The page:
Testimony of Vice President for Middle Schools Richard Mantell before the New York City Department of Education
Good evening. My name is Richard Mantell and I am a vice president of the United Federation of Teachers. On behalf of our president, Michael Mulgrew, and our 200,000 members, I thank you for the opportunity to speak with you today.
Our members have devoted their lives to helping children learn and grow. Every member of the UFT family — from teachers and paraprofessionals to guidance counselors, psychologists and social workers — spends his or her days caring for students.
We strongly believe school safety is a fundamental right for every student and staff member. We also wholly support creating a positive school environment where student suspensions are a last resort.
As educators, we understand better than anyone that suspensions are not a long-term solution to addressing challenging behavior in school. We have seen the research on the effects of exclusion from education, and we want to be part of the solution, not the problem. Handling students with discipline issues requires a comprehensive schoolwide solution.
Banning suspensions doesn’t eliminate the problem; rather, an ill-conceived ban, combined with a lack of oversight of the current system and no real plan to move forward, will perpetuate an environment of chaos and instability that can undermine the success of the classroom teacher and the achievement of every student in his or her class. Discipline policies should not be changed without examining the underlying causes of the problems and without comprehensive implementation plans that include real resources.
Our recommendation: Let's do the work and make the problem disappear the right way. We'll gladly roll up our sleeves but we need a willing partner, one that acknowledges both the importance of the mission and the challenges that lie ahead.
The Need for Tools and Professional Supports
We work with students in crisis every day. The challenges are many and varied: an elementary student who has just spent her first night in a city homeless shelter; a student whose parent has just been incarcerated; a child whose family has been shattered by domestic violence; a child with undiagnosed mental health needs. When faced with life-changing situations like these, most young students have not yet learned how to cope or how to manage their emotions. They cry. They lash out. And sometimes worse.
In these times of crisis, students need our help and the school staff needs the skills and resources to provide it.
Unfortunately, many of our schools cannot provide that help and support, and that’s why we are deeply troubled by some of the proposed changes to the student discipline code. We object, for example, to the elimination of K-2 suspensions until every school has been provided with the professional development and resources needed to create a positive school environment; to de-escalate children in crisis; and to provide a menu of options for children with mental health problems.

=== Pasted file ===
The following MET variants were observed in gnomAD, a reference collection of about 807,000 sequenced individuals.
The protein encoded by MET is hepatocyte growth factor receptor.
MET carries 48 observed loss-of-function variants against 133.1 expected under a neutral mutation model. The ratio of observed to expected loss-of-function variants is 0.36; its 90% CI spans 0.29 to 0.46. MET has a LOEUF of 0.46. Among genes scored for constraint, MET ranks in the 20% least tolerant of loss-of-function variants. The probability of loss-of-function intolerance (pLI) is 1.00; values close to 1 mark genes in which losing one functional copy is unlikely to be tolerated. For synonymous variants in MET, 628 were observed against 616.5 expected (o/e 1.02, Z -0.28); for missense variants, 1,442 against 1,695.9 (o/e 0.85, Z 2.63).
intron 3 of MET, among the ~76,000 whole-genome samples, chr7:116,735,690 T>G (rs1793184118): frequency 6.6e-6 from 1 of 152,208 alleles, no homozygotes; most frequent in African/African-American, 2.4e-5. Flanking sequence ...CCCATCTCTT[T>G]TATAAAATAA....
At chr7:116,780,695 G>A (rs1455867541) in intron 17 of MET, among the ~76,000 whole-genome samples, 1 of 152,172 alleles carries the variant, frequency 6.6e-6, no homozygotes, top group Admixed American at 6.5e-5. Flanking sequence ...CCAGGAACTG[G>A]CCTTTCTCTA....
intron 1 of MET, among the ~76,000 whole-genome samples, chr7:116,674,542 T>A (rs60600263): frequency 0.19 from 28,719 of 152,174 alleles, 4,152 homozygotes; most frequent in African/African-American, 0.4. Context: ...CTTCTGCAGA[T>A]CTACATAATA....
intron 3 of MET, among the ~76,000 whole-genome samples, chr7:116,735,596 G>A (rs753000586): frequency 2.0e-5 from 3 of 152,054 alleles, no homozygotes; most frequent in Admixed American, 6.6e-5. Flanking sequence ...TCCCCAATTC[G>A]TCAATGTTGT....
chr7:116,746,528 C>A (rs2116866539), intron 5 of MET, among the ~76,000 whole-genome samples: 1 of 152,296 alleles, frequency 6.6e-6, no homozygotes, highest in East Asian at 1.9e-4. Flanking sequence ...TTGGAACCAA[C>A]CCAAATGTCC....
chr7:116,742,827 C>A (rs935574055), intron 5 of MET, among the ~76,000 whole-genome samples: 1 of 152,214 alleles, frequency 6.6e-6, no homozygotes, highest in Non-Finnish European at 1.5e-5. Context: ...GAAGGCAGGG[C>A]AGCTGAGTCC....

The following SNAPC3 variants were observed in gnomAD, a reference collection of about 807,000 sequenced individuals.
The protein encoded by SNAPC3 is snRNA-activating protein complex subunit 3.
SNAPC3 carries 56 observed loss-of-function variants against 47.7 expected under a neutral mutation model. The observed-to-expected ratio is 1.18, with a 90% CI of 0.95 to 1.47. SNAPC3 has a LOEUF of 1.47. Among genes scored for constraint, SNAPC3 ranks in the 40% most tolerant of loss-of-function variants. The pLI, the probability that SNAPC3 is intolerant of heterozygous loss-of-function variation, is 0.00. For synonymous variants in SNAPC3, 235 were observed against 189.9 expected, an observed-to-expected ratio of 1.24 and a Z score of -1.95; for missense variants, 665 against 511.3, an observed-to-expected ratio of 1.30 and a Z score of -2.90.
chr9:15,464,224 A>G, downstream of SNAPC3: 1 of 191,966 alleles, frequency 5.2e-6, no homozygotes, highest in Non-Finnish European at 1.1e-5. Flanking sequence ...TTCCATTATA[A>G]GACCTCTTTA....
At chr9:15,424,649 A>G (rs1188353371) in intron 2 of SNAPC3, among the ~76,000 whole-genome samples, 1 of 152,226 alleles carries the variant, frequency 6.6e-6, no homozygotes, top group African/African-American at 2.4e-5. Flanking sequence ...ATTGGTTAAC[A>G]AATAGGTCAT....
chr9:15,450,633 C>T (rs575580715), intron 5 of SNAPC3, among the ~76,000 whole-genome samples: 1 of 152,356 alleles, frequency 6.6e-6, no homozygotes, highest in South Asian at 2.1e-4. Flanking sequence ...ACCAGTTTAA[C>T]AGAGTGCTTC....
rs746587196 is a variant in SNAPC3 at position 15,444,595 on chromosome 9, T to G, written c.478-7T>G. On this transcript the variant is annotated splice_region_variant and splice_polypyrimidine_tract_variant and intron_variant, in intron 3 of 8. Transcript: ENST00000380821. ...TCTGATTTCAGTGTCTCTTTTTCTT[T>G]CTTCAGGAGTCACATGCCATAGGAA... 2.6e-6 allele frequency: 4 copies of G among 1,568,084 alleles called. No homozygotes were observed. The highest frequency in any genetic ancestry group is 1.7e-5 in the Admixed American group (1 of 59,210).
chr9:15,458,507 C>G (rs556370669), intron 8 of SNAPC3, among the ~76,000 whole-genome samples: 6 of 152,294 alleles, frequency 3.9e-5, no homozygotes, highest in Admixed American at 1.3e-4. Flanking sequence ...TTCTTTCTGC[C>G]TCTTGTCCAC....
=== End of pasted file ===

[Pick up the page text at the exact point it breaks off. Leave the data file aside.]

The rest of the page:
Elementary children grappling with adult problems or untreated mental health issues can and do erupt in the classroom. The result has been cases in which students have choked and bitten classmates, attacked others violently enough to require their hospitalization, thrown desks or chairs or computers.
When incidents like these happen – and they do happen even with our youngest students, as our health and safety teams in each borough can attest – every school is supposed to have a suite of tools at its disposal under the current discipline code: a multi-tiered system of positive behavior supports; graduated guidance interventions; a schoolwide crisis plan; and a pupil personnel or behavior intervention team (PPT) tasked with implementing intervention strategies and supports for the students.
What’s more, if a student has an identified disability, schools are supposed to have the tools to provide targeted interventions and coordinated responses through functional behavioral assessments, behavioral plans, IEPs and 504 plans.
Education law also states that students who have been removed from the classroom due to violent or extremely disruptive behavior must be sent to a location within the school where they will be provided with continued educational services including classwork and homework — a SAVE room.
The reality, however, is that many of our schools do not have even one of the above-mentioned systems in place. Most do not have a PPT team trained to deal with behavior issues or a systemic approach to support students. Teachers and administrators in some schools don’t have on-site staff they can turn to for help. Many elementary schools don’t have a guidance counselor while others share these crucial professionals with other schools. Many don’t even have a SAVE room where a student in crisis can be sent to cool down.